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Better communication for cohesion policy

05-11-2019

Cohesion policy is a major EU investment tool aimed at reducing regional disparities and achieving economic, social and territorial cohesion. It delivers a wide range of results in areas such as new infrastructure, training, job creation, support for small businesses and environmental protection. Communication is key when it comes to making the public aware of existing funding opportunities and informing them of the results of cohesion policy investments. It can also affect public perception of the ...

Cohesion policy is a major EU investment tool aimed at reducing regional disparities and achieving economic, social and territorial cohesion. It delivers a wide range of results in areas such as new infrastructure, training, job creation, support for small businesses and environmental protection. Communication is key when it comes to making the public aware of existing funding opportunities and informing them of the results of cohesion policy investments. It can also affect public perception of the EU and raise awareness of the positive impact of EU support on people's everyday lives. Improving the visibility of cohesion policy is therefore a salient issue for the EU. Communication measures range from requirements for fund managers and beneficiaries on the basis of EU legislation to more informal initiatives such as information campaigns, events and web portals aimed at publicising the policy's achievements. In the framework of multi-level governance, communication activities bring together a wide variety of actors including EU institutions, Member States, regional and local authorities and members of civil society. The ongoing negotiations on the new multiannual financial framework for 2021 to 2027, including new regulations on cohesion policy, and the upcoming conclusion of the 2014-2020 programming period provide a good opportunity for reflection on the issue of cohesion policy communication. This briefing updates an earlier edition, of March 2019. It was originally produced at the request of a member of the European Committee of the Regions, in the framework of the Cooperation Agreement between the Parliament and the Committee.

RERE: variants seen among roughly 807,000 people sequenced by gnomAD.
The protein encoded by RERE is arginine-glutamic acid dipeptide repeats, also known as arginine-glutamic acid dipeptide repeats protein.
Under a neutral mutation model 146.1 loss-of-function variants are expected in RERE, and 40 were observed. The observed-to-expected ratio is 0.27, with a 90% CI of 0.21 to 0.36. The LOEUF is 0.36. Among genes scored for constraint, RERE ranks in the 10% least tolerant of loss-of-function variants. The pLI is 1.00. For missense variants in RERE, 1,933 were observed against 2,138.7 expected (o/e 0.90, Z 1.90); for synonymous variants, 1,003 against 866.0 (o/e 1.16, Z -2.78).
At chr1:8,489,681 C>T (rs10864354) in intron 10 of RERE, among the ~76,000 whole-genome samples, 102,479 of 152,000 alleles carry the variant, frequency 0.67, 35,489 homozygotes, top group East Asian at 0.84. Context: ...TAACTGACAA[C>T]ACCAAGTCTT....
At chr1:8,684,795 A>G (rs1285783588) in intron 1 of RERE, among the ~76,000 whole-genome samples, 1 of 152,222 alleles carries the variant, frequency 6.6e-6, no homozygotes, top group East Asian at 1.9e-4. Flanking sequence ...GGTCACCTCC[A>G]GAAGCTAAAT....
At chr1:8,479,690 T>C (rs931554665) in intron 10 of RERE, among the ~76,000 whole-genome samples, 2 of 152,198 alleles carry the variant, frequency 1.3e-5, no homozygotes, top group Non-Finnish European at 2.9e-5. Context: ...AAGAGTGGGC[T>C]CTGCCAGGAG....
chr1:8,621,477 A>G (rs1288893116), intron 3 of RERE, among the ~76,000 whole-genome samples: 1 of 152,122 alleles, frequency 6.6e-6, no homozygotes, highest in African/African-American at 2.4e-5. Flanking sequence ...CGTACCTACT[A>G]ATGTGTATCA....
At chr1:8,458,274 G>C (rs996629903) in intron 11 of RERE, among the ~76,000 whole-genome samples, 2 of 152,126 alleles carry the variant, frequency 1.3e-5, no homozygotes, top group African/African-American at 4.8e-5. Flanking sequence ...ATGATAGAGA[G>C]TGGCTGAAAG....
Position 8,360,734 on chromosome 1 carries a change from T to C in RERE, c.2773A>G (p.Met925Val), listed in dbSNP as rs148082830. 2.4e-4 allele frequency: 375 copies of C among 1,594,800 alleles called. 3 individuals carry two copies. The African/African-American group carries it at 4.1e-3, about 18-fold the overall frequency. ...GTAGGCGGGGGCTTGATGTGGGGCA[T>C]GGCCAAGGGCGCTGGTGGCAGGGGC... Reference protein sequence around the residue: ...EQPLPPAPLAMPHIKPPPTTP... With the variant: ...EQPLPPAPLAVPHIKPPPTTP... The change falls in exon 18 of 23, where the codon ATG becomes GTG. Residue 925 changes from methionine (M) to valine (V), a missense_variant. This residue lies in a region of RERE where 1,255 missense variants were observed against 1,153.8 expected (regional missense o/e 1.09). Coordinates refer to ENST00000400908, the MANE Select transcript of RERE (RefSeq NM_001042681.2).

EU support for coal regions

03-10-2019

The EU has committed to cut greenhouse gas emissions by 40 % before 2030, and by at least 80 % by 2050. This will require a transition from relying on fossil fuels to renewable energy sources, and in particular a reduction in power generation from coal. While EU production and consumption of coal has declined steadily, coal still provides about a quarter of EU power generation. Coal is mined in 12 Member States, and coal-fired power plants operate in 21 Member States. The European coal sector employs ...

The EU has committed to cut greenhouse gas emissions by 40 % before 2030, and by at least 80 % by 2050. This will require a transition from relying on fossil fuels to renewable energy sources, and in particular a reduction in power generation from coal. While EU production and consumption of coal has declined steadily, coal still provides about a quarter of EU power generation. Coal is mined in 12 Member States, and coal-fired power plants operate in 21 Member States. The European coal sector employs 238 000 people in directly linked activities, such as coal mines and power plants. An estimated 160 000 jobs could disappear by 2030. Further job losses are expected in indirect activities along the value chain, e.g. power generation, equipment supply, services, research and development. Impacts of phasing out coal are also likely to be felt in the iron and steel sectors, mining equipment manufacturing and coal terminals. Transition to a low-carbon economy will therefore require structural changes in coal-producing regions. Proposed solutions include helping workers to retrain and supporting their search for new employment, promoting local economies' diversification, modernising energy and power generation systems, developing the renewable energy sector, and rehabilitating mining land, for instance by converting former mines for renewable energy use or creating industrial heritage sites. The EU provides a variety of funding that can be used to alleviate the socio-economic consequences for coal regions. Energy and climate adaptation programmes, along with cohesion policy and research funding opportunities, offer financial support, while additional technical assistance is also available. The European Commission's Platform for Coal Regions in Transition assists regions to prepare and implement transition activities. As the EU is currently negotiating its post-2020 budgetary framework, the European Parliament and the European Committee of the Regions call for specific measures and tailored funding sources to offer support to facilitate transition in coal regions. The Commission President-elect has announced the establishment of a Just Transition Fund as part of the European Green Deal, and new legislative proposals can be expected early in her term in office.